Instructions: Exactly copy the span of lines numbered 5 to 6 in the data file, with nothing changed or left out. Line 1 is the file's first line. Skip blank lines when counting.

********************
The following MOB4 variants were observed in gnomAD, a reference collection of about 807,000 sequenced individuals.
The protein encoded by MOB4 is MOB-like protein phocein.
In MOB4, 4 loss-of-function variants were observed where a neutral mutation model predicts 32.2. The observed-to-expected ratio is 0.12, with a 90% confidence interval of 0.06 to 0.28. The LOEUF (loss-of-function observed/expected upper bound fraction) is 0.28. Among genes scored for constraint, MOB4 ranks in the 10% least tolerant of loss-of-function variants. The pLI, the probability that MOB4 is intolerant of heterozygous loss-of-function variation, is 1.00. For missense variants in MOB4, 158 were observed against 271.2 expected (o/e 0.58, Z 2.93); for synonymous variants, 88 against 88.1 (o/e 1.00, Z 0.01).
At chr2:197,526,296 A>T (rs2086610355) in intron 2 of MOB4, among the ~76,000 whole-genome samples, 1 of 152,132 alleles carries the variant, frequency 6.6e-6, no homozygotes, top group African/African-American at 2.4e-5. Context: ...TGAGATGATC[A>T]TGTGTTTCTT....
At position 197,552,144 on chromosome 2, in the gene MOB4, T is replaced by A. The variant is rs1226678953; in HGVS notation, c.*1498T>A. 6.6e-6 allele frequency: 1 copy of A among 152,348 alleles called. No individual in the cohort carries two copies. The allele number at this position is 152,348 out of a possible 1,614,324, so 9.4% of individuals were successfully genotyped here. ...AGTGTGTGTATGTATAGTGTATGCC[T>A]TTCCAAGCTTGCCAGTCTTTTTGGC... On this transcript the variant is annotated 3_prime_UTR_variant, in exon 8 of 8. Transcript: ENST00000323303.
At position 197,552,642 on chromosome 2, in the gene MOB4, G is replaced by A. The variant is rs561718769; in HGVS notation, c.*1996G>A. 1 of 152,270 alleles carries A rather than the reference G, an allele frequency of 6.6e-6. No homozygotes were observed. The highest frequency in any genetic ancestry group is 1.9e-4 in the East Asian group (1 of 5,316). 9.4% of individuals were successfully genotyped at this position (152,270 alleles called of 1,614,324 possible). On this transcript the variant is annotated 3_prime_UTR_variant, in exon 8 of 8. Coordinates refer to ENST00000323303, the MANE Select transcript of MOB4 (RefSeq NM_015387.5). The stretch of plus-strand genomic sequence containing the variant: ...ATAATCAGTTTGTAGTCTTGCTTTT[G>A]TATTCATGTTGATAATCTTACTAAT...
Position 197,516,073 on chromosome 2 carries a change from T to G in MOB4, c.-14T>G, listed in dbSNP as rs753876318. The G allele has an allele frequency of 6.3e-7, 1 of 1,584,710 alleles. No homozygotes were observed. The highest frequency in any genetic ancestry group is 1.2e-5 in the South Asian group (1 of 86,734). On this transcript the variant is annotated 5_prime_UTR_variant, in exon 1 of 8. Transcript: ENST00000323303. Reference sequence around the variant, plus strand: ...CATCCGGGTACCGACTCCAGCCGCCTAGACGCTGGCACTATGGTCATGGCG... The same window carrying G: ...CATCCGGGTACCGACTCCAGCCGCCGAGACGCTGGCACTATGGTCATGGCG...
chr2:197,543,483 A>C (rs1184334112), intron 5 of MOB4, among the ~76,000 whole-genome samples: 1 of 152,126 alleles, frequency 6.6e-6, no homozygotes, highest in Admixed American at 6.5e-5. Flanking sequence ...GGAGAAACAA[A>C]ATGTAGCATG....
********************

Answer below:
At position 197,552,144 on chromosome 2, in the gene MOB4, T is replaced by A. The variant is rs1226678953; in HGVS notation, c.*1498T>A. 6.6e-6 allele frequency: 1 copy of A among 152,348 alleles called. No individual in the cohort carries two copies. The allele number at this position is 152,348 out of a possible 1,614,324, so 9.4% of individuals were successfully genotyped here. ...AGTGTGTGTATGTATAGTGTATGCC[T>A]TTCCAAGCTTGCCAGTCTTTTTGGC... On this transcript the variant is annotated 3_prime_UTR_variant, in exon 8 of 8. Transcript: ENST00000323303.
At position 197,552,642 on chromosome 2, in the gene MOB4, G is replaced by A. The variant is rs561718769; in HGVS notation, c.*1996G>A. 1 of 152,270 alleles carries A rather than the reference G, an allele frequency of 6.6e-6. No homozygotes were observed. The highest frequency in any genetic ancestry group is 1.9e-4 in the East Asian group (1 of 5,316). 9.4% of individuals were successfully genotyped at this position (152,270 alleles called of 1,614,324 possible). On this transcript the variant is annotated 3_prime_UTR_variant, in exon 8 of 8. Coordinates refer to ENST00000323303, the MANE Select transcript of MOB4 (RefSeq NM_015387.5). The stretch of plus-strand genomic sequence containing the variant: ...ATAATCAGTTTGTAGTCTTGCTTTT[G>A]TATTCATGTTGATAATCTTACTAAT...